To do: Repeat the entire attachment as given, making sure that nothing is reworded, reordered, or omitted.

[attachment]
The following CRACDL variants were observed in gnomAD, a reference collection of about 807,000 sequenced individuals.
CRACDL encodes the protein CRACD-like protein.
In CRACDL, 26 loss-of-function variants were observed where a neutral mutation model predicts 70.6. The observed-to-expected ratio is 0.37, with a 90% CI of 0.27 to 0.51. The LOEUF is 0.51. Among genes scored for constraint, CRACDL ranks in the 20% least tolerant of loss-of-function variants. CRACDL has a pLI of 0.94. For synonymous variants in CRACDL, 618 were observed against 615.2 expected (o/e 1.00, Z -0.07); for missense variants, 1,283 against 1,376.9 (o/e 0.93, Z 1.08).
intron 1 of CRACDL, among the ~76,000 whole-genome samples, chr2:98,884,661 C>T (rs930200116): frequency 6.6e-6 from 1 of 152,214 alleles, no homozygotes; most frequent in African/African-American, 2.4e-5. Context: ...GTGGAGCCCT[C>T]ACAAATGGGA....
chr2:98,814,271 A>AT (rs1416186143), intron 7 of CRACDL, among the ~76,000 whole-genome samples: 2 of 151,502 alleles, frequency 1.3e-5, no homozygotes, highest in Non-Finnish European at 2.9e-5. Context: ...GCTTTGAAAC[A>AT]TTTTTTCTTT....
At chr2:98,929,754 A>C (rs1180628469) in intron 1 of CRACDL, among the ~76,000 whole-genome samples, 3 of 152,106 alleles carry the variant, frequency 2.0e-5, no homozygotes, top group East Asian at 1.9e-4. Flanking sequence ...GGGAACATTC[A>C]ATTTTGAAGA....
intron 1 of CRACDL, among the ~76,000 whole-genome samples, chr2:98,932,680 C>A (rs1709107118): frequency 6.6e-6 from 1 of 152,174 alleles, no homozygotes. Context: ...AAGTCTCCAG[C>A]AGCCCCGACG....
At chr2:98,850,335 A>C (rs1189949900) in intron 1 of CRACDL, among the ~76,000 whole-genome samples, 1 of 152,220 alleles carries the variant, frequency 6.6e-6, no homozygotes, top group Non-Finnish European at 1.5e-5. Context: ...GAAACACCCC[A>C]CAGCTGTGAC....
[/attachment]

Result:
The following CRACDL variants were observed in gnomAD, a reference collection of about 807,000 sequenced individuals.
CRACDL encodes the protein CRACD-like protein.
In CRACDL, 26 loss-of-function variants were observed where a neutral mutation model predicts 70.6. The observed-to-expected ratio is 0.37, with a 90% CI of 0.27 to 0.51. The LOEUF is 0.51. Among genes scored for constraint, CRACDL ranks in the 20% least tolerant of loss-of-function variants. CRACDL has a pLI of 0.94. For synonymous variants in CRACDL, 618 were observed against 615.2 expected (o/e 1.00, Z -0.07); for missense variants, 1,283 against 1,376.9 (o/e 0.93, Z 1.08).
intron 1 of CRACDL, among the ~76,000 whole-genome samples, chr2:98,884,661 C>T (rs930200116): frequency 6.6e-6 from 1 of 152,214 alleles, no homozygotes; most frequent in African/African-American, 2.4e-5. Context: ...GTGGAGCCCT[C>T]ACAAATGGGA....
chr2:98,814,271 A>AT (rs1416186143), intron 7 of CRACDL, among the ~76,000 whole-genome samples: 2 of 151,502 alleles, frequency 1.3e-5, no homozygotes, highest in Non-Finnish European at 2.9e-5. Context: ...GCTTTGAAAC[A>AT]TTTTTTCTTT....
At chr2:98,929,754 A>C (rs1180628469) in intron 1 of CRACDL, among the ~76,000 whole-genome samples, 3 of 152,106 alleles carry the variant, frequency 2.0e-5, no homozygotes, top group East Asian at 1.9e-4. Flanking sequence ...GGGAACATTC[A>C]ATTTTGAAGA....
intron 1 of CRACDL, among the ~76,000 whole-genome samples, chr2:98,932,680 C>A (rs1709107118): frequency 6.6e-6 from 1 of 152,174 alleles, no homozygotes. Context: ...AAGTCTCCAG[C>A]AGCCCCGACG....
At chr2:98,850,335 A>C (rs1189949900) in intron 1 of CRACDL, among the ~76,000 whole-genome samples, 1 of 152,220 alleles carries the variant, frequency 6.6e-6, no homozygotes, top group Non-Finnish European at 1.5e-5. Context: ...GAAACACCCC[A>C]CAGCTGTGAC....